Section 30(b)(ii) – free and frank exchange of views for the purposes of deliberation [in relation to Cabinet/Ministerial/official discussions and policy formulation/development]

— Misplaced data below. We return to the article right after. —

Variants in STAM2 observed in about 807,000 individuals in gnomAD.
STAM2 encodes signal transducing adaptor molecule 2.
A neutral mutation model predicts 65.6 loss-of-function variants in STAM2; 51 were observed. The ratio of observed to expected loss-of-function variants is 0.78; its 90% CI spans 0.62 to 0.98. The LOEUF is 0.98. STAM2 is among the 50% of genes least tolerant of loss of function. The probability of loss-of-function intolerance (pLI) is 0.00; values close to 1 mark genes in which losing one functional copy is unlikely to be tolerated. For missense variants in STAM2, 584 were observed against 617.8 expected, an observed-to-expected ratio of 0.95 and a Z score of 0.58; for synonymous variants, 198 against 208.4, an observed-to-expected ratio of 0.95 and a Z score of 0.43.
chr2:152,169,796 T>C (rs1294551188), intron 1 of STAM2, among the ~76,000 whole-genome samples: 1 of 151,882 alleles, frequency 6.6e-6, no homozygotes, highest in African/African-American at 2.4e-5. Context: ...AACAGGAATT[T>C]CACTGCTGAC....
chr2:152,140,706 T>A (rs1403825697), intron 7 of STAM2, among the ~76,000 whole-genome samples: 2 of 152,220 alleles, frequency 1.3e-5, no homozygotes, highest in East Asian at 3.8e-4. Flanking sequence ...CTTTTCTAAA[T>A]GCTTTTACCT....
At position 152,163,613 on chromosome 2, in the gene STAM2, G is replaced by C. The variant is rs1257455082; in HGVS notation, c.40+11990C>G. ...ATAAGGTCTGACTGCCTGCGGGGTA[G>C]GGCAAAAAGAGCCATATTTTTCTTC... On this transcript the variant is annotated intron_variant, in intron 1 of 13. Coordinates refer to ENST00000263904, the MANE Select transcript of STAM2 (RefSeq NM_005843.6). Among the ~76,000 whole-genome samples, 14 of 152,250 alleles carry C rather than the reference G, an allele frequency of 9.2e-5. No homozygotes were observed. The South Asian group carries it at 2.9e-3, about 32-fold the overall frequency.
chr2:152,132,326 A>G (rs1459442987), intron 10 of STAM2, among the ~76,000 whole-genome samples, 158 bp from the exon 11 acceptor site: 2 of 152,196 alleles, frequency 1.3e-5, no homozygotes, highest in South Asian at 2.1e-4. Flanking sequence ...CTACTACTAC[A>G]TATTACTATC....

An exemption under section 30(b)(ii) of FOISA (free and frank exchange of views) applies to some of the information requested. This exemption applies because disclosure would, or would be likely to, inhibit substantially the free and frank exchange of views for the purposes of deliberation. This exemption recognises the need for Ministers and officials to have a private space within which to discuss and explore options before the Scottish Government reaches a settled public view. Disclosing the content of free and frank discussions on the impact of ferries on Islay businesses will substantially inhibit such discussions in the future, particularly because these discussions are still ongoing and decisions have not been taken.